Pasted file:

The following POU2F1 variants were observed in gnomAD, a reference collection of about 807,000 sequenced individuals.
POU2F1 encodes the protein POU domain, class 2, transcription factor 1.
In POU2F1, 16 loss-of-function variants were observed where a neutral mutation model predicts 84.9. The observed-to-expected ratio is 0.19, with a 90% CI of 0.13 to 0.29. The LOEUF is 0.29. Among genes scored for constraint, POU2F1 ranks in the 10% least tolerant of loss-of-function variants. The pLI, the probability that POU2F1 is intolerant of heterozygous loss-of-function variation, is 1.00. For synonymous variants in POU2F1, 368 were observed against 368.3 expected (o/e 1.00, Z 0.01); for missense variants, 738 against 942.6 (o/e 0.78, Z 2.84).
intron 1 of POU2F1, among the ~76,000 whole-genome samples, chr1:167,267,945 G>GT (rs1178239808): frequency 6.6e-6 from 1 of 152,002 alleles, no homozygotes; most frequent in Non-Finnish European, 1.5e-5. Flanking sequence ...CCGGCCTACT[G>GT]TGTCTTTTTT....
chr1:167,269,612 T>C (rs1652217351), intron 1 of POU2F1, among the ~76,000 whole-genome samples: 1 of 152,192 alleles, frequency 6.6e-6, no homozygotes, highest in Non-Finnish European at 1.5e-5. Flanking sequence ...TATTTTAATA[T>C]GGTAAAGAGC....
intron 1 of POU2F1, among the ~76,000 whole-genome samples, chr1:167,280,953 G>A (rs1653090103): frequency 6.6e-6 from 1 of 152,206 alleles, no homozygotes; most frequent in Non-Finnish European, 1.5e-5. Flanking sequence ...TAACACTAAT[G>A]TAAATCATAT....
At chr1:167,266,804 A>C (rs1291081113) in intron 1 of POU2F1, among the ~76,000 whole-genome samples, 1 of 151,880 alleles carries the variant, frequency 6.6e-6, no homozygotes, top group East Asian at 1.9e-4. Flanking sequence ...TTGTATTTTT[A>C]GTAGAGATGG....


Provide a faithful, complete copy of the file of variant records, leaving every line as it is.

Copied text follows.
The following POU2F1 variants were observed in gnomAD, a reference collection of about 807,000 sequenced individuals.
POU2F1 encodes the protein POU domain, class 2, transcription factor 1.
In POU2F1, 16 loss-of-function variants were observed where a neutral mutation model predicts 84.9. The observed-to-expected ratio is 0.19, with a 90% CI of 0.13 to 0.29. The LOEUF is 0.29. Among genes scored for constraint, POU2F1 ranks in the 10% least tolerant of loss-of-function variants. The pLI, the probability that POU2F1 is intolerant of heterozygous loss-of-function variation, is 1.00. For synonymous variants in POU2F1, 368 were observed against 368.3 expected (o/e 1.00, Z 0.01); for missense variants, 738 against 942.6 (o/e 0.78, Z 2.84).
intron 1 of POU2F1, among the ~76,000 whole-genome samples, chr1:167,267,945 G>GT (rs1178239808): frequency 6.6e-6 from 1 of 152,002 alleles, no homozygotes; most frequent in Non-Finnish European, 1.5e-5. Flanking sequence ...CCGGCCTACT[G>GT]TGTCTTTTTT....
chr1:167,269,612 T>C (rs1652217351), intron 1 of POU2F1, among the ~76,000 whole-genome samples: 1 of 152,192 alleles, frequency 6.6e-6, no homozygotes, highest in Non-Finnish European at 1.5e-5. Flanking sequence ...TATTTTAATA[T>C]GGTAAAGAGC....
intron 1 of POU2F1, among the ~76,000 whole-genome samples, chr1:167,280,953 G>A (rs1653090103): frequency 6.6e-6 from 1 of 152,206 alleles, no homozygotes; most frequent in Non-Finnish European, 1.5e-5. Flanking sequence ...TAACACTAAT[G>A]TAAATCATAT....
At chr1:167,266,804 A>C (rs1291081113) in intron 1 of POU2F1, among the ~76,000 whole-genome samples, 1 of 151,880 alleles carries the variant, frequency 6.6e-6, no homozygotes, top group East Asian at 1.9e-4. Flanking sequence ...TTGTATTTTT[A>C]GTAGAGATGG....